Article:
The new ringroad effectively took the soul and vibrancy out of the town, making the area within a kind of dead zone after the shops closed in the evening. Only a handful of old pubs, St Edwards church and the cobbled market area remained to hint at its bygone bustling and vibrant past. This fate was to befall many of London's satellite towns during the 1960s.
The new shopping centre called The Liberty, recalling a large house that it replaced, was a success and Romford continued be the best shopping destination in Essex with the added bonus of the huge market on Wednesdays, Fridays and Saturdays, offering superb diversity and quality of produce – a real go-to place. 
A strange modern fountain was installed in at the centre, a tall structure in shades of blue above three octagonal pools, that I later used as unconscious inspiration for an art project. In later years, the structure was painted brown – they said to be reminiscent of old market crates (eh?!) but it always looked to me like a defunct outdoor swimming pool that had been transformed in a hurry. 
I must admit that, as a teenager, I used to think the naming of High Street was odd. I thought it was an odd road to nowhere with strange shops at the far end near the roundabout on the ringroad – it just didn't' occur to me that it had previously been the main thoroughfare in the past. To my mind, the main road was South Street because that's where the big shops and the station was sited. Hindsight eh?! 
By October 1980 I had a job in Covent Garden and was travelling back and forth into London five days a week. I loved working in central London; the history, the bustle, the shops, the mix of everything, the opportunities. In 1985 I was earning enough to buy myself a little starter home near Harold Wood Station, two stops further out from Romford, and I only went into Romford town centre on occasional Saturdays or before or after visiting Mum and my sister.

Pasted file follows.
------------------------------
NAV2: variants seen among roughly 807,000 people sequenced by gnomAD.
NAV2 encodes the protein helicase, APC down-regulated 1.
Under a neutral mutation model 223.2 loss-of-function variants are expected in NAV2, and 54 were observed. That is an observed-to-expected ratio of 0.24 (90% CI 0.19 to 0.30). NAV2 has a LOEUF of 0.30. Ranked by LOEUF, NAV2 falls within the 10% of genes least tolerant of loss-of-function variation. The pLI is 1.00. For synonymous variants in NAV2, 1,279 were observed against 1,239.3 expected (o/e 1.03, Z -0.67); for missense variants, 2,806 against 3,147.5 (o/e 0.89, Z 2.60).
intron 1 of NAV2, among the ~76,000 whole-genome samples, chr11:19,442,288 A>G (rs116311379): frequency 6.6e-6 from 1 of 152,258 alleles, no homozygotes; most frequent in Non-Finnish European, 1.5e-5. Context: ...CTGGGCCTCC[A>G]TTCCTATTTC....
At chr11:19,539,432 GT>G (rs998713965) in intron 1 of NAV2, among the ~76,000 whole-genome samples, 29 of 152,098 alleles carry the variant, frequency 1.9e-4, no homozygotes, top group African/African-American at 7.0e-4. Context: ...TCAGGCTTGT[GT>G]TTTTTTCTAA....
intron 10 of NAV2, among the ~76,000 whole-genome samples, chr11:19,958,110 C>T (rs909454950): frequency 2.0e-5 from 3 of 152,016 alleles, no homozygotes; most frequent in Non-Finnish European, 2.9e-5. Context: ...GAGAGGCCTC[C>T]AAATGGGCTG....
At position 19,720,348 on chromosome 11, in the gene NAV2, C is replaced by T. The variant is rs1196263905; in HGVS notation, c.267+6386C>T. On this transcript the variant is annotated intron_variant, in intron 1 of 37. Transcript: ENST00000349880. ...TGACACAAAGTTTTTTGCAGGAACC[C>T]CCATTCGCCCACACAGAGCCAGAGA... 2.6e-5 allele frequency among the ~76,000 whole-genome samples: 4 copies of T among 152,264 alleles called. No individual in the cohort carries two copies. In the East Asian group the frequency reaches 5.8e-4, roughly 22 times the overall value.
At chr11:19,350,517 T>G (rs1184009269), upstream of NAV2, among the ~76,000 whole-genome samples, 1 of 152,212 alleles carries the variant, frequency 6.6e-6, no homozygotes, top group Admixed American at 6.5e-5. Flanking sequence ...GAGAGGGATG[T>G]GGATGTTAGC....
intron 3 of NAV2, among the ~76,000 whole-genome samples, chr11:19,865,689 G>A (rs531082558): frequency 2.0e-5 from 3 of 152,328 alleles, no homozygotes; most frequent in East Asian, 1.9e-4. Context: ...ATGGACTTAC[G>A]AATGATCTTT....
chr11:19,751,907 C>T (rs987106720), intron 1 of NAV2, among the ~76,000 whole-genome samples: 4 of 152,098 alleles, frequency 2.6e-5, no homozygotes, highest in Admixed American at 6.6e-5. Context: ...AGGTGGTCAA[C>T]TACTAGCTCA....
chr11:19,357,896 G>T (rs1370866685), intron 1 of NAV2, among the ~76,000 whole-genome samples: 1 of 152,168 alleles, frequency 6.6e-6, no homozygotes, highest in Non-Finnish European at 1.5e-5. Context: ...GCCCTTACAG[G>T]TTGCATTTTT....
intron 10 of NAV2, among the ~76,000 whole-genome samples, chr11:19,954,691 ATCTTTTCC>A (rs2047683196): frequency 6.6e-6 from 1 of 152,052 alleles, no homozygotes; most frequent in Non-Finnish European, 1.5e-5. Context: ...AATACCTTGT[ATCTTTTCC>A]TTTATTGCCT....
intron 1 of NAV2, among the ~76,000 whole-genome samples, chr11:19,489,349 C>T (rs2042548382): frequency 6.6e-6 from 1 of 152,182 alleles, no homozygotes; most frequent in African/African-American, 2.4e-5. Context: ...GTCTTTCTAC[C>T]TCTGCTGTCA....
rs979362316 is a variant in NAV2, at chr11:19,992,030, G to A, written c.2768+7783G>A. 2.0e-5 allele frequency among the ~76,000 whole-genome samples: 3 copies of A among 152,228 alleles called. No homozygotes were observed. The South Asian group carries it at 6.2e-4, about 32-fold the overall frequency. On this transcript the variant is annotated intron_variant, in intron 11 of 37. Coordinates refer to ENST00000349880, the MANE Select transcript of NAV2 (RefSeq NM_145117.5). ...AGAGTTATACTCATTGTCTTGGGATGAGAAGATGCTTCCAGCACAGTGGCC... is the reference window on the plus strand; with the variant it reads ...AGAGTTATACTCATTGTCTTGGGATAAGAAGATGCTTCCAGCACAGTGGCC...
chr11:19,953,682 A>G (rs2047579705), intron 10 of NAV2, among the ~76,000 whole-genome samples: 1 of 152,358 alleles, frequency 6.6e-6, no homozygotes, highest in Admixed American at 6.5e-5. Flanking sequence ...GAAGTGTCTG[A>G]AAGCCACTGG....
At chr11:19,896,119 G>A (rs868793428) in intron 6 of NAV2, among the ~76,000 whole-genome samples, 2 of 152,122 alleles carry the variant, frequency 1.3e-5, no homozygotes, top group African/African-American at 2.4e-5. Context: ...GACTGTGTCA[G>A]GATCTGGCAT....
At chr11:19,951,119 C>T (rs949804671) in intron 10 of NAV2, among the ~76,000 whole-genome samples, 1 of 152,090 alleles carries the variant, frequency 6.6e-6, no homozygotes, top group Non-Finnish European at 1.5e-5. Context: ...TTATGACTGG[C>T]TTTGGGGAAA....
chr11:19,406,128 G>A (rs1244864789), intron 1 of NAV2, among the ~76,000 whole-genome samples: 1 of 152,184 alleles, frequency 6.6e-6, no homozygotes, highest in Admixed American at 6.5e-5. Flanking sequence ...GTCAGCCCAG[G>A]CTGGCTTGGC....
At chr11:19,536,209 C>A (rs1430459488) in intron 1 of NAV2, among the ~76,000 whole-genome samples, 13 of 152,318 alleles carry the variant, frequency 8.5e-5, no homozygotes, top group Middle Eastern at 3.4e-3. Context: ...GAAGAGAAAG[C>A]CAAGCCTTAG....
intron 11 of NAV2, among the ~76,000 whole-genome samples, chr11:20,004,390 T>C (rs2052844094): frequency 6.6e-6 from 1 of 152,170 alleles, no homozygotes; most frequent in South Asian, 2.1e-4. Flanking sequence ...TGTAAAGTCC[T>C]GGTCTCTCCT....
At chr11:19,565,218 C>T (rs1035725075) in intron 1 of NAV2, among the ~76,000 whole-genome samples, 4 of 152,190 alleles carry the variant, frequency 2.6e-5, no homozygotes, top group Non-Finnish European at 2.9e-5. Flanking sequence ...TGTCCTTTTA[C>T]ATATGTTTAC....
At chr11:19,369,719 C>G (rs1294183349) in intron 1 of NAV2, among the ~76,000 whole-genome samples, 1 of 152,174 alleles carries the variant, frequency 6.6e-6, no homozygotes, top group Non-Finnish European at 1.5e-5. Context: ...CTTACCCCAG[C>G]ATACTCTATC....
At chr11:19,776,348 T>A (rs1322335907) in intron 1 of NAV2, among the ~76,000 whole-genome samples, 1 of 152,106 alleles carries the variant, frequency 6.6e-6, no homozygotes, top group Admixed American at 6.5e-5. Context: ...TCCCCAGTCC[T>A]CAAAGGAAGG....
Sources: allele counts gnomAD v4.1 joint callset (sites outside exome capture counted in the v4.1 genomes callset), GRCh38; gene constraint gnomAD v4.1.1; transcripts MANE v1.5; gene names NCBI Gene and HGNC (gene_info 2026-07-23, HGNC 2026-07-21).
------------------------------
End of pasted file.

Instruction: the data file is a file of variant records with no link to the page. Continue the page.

Then, in 1988, I moved to Holloway, north London, to be even closer to work and my social life, returning to Romford only to visit Mum until she died in the late 1990s. I have kept in touch with a few school friends, but Romford has rarely been the place to meet.
In 2005, after visiting a friend in Gidea Park, I went for a nose about around the shops for old times' sake. Oh dear. I walked about with my mouth open, aghast at how so much further change had taken place. Mum would have been even more disgusted. I walked through to where the brewery used to be, shops arranged around a huge car park – the likes of Next, Boots and TKMaxx. It looked more like an out-of-town industrial park. My facial expression obviously gave me away because three different ladies stopped to ask if I was OK/lost!!
That wasn't a market day, and I made a mental note to return to see if the once jam-packed bustling market that I remember from my schooldays was still anywhere near as vibrant. For inspiration, I hunted online and found there's lots of pictoral and video reference to be found including these short films about the market on YouTube. This inspired me to recall the stalls I remember in the years up to about 1985. 
Starting from the High Street end and making our way to to the ring road at the junction with the library at town hall: